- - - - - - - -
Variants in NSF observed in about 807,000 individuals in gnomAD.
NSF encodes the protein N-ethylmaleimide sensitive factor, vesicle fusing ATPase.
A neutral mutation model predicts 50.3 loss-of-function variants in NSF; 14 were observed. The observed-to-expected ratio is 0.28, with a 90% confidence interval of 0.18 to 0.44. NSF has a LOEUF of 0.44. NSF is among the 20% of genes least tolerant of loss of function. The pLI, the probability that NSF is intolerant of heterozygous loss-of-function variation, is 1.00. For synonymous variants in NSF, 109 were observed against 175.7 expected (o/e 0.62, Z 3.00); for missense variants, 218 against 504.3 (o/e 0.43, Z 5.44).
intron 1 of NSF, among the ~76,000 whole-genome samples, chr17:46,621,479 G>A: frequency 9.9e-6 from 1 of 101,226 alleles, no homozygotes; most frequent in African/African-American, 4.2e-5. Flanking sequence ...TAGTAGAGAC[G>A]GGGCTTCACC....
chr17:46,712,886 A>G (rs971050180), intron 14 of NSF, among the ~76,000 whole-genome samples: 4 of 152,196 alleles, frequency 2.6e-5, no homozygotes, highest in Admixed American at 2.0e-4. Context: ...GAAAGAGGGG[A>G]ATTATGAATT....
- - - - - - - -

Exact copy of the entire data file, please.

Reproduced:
Variants in NSF observed in about 807,000 individuals in gnomAD.
NSF encodes the protein N-ethylmaleimide sensitive factor, vesicle fusing ATPase.
A neutral mutation model predicts 50.3 loss-of-function variants in NSF; 14 were observed. The observed-to-expected ratio is 0.28, with a 90% confidence interval of 0.18 to 0.44. NSF has a LOEUF of 0.44. NSF is among the 20% of genes least tolerant of loss of function. The pLI, the probability that NSF is intolerant of heterozygous loss-of-function variation, is 1.00. For synonymous variants in NSF, 109 were observed against 175.7 expected (o/e 0.62, Z 3.00); for missense variants, 218 against 504.3 (o/e 0.43, Z 5.44).
intron 1 of NSF, among the ~76,000 whole-genome samples, chr17:46,621,479 G>A: frequency 9.9e-6 from 1 of 101,226 alleles, no homozygotes; most frequent in African/African-American, 4.2e-5. Flanking sequence ...TAGTAGAGAC[G>A]GGGCTTCACC....
chr17:46,712,886 A>G (rs971050180), intron 14 of NSF, among the ~76,000 whole-genome samples: 4 of 152,196 alleles, frequency 2.6e-5, no homozygotes, highest in Admixed American at 2.0e-4. Context: ...GAAAGAGGGG[A>G]ATTATGAATT....